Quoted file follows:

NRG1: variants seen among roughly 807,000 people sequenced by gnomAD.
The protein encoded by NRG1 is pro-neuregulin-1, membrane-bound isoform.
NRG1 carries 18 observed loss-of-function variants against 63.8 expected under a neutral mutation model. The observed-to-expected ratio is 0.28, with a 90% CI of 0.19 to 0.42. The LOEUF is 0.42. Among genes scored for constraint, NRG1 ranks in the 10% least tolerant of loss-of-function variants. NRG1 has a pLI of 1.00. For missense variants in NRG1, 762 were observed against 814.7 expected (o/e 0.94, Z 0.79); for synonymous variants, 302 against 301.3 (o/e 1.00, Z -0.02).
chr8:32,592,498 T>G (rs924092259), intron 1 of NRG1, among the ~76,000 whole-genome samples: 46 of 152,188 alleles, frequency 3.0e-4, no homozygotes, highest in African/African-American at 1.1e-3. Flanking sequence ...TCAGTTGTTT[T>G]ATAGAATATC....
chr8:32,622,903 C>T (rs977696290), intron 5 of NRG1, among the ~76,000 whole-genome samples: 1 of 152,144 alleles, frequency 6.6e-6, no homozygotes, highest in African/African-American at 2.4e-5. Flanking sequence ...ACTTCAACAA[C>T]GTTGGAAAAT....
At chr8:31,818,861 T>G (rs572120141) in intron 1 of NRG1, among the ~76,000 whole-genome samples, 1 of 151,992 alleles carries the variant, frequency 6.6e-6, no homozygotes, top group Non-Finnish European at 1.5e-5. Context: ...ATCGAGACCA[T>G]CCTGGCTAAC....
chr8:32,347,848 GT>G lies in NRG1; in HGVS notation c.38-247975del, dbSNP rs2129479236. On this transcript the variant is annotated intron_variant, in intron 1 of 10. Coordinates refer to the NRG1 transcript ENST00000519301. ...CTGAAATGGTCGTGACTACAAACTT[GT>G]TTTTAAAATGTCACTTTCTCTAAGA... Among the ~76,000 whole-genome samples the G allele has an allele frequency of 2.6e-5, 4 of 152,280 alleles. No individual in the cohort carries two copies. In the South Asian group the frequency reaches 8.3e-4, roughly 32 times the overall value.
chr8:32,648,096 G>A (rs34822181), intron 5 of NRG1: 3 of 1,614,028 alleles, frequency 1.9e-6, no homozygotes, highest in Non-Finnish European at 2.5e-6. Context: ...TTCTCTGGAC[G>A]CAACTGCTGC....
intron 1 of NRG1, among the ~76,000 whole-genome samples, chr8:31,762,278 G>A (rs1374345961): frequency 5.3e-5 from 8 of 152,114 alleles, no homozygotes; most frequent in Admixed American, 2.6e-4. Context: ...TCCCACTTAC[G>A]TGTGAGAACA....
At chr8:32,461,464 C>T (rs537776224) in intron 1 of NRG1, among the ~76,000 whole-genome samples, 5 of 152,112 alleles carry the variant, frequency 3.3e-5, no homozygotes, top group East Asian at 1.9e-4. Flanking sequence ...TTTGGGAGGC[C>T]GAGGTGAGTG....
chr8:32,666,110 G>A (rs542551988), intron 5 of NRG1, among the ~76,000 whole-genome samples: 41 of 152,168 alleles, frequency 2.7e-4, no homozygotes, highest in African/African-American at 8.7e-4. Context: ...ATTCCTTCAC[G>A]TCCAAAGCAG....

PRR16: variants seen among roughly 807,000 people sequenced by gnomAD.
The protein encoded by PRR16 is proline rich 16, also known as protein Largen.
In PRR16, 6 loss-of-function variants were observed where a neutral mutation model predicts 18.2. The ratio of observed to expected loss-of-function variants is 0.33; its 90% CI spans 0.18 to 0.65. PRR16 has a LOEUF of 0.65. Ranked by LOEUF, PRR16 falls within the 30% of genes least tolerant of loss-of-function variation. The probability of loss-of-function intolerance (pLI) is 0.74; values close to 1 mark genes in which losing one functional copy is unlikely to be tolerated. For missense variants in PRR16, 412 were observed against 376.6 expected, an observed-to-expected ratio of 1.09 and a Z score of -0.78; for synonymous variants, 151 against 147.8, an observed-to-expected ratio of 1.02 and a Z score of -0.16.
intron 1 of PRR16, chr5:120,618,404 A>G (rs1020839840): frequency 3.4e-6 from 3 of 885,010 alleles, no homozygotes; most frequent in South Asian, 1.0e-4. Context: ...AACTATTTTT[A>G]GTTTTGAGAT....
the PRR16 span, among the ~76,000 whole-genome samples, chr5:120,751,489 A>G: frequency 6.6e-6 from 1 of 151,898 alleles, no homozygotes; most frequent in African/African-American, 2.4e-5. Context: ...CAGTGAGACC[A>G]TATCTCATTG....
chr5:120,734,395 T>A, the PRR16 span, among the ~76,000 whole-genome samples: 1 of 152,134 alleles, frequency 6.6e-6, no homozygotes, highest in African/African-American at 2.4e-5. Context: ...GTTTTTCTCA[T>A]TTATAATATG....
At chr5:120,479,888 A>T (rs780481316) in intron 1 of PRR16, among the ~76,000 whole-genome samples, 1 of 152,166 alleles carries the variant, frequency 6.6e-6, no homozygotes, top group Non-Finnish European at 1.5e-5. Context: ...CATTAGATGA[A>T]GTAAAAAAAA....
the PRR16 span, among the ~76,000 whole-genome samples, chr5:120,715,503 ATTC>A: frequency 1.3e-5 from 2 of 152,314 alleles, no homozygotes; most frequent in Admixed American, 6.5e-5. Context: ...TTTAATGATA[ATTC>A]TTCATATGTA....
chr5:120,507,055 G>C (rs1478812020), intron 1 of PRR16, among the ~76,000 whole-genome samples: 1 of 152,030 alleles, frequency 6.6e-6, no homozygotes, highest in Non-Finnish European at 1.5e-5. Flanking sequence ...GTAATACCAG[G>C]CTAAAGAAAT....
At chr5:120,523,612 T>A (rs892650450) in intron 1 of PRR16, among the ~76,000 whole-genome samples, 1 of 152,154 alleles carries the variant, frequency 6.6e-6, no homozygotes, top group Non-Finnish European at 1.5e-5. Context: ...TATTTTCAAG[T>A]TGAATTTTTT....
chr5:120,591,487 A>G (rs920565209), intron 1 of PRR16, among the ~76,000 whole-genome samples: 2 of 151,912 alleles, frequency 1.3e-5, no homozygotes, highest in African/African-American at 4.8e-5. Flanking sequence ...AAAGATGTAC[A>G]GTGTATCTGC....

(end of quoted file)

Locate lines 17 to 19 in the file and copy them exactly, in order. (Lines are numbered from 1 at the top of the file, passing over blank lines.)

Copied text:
chr5:120,734,395 T>A, the PRR16 span, among the ~76,000 whole-genome samples: 1 of 152,134 alleles, frequency 6.6e-6, no homozygotes, highest in African/African-American at 2.4e-5. Context: ...GTTTTTCTCA[T>A]TTATAATATG....
At chr5:120,479,888 A>T (rs780481316) in intron 1 of PRR16, among the ~76,000 whole-genome samples, 1 of 152,166 alleles carries the variant, frequency 6.6e-6, no homozygotes, top group Non-Finnish European at 1.5e-5. Context: ...CATTAGATGA[A>T]GTAAAAAAAA....
the PRR16 span, among the ~76,000 whole-genome samples, chr5:120,715,503 ATTC>A: frequency 1.3e-5 from 2 of 152,314 alleles, no homozygotes; most frequent in Admixed American, 6.5e-5. Context: ...TTTAATGATA[ATTC>A]TTCATATGTA....